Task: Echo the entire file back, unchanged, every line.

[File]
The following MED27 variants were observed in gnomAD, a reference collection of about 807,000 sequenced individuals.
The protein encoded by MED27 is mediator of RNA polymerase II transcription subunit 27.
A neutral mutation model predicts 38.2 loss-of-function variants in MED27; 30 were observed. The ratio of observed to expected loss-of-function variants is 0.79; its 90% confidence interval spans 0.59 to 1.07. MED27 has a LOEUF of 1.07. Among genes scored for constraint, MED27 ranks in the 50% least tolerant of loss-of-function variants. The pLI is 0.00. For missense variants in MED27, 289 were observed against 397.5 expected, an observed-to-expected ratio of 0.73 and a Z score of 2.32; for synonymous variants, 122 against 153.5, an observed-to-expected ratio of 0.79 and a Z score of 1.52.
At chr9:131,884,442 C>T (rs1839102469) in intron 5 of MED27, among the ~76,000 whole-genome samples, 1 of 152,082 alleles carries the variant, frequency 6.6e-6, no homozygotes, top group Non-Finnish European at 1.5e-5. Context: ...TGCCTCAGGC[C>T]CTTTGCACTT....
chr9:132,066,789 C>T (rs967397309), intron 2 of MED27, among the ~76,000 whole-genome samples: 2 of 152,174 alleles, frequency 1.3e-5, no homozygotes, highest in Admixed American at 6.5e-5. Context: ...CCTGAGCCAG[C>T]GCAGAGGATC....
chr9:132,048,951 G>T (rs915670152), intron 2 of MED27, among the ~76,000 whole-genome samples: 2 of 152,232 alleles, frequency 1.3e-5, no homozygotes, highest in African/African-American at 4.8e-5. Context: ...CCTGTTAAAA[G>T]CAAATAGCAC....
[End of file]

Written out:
The following MED27 variants were observed in gnomAD, a reference collection of about 807,000 sequenced individuals.
The protein encoded by MED27 is mediator of RNA polymerase II transcription subunit 27.
A neutral mutation model predicts 38.2 loss-of-function variants in MED27; 30 were observed. The ratio of observed to expected loss-of-function variants is 0.79; its 90% confidence interval spans 0.59 to 1.07. MED27 has a LOEUF of 1.07. Among genes scored for constraint, MED27 ranks in the 50% least tolerant of loss-of-function variants. The pLI is 0.00. For missense variants in MED27, 289 were observed against 397.5 expected, an observed-to-expected ratio of 0.73 and a Z score of 2.32; for synonymous variants, 122 against 153.5, an observed-to-expected ratio of 0.79 and a Z score of 1.52.
At chr9:131,884,442 C>T (rs1839102469) in intron 5 of MED27, among the ~76,000 whole-genome samples, 1 of 152,082 alleles carries the variant, frequency 6.6e-6, no homozygotes, top group Non-Finnish European at 1.5e-5. Context: ...TGCCTCAGGC[C>T]CTTTGCACTT....
chr9:132,066,789 C>T (rs967397309), intron 2 of MED27, among the ~76,000 whole-genome samples: 2 of 152,174 alleles, frequency 1.3e-5, no homozygotes, highest in Admixed American at 6.5e-5. Context: ...CCTGAGCCAG[C>T]GCAGAGGATC....
chr9:132,048,951 G>T (rs915670152), intron 2 of MED27, among the ~76,000 whole-genome samples: 2 of 152,232 alleles, frequency 1.3e-5, no homozygotes, highest in African/African-American at 4.8e-5. Context: ...CCTGTTAAAA[G>T]CAAATAGCAC....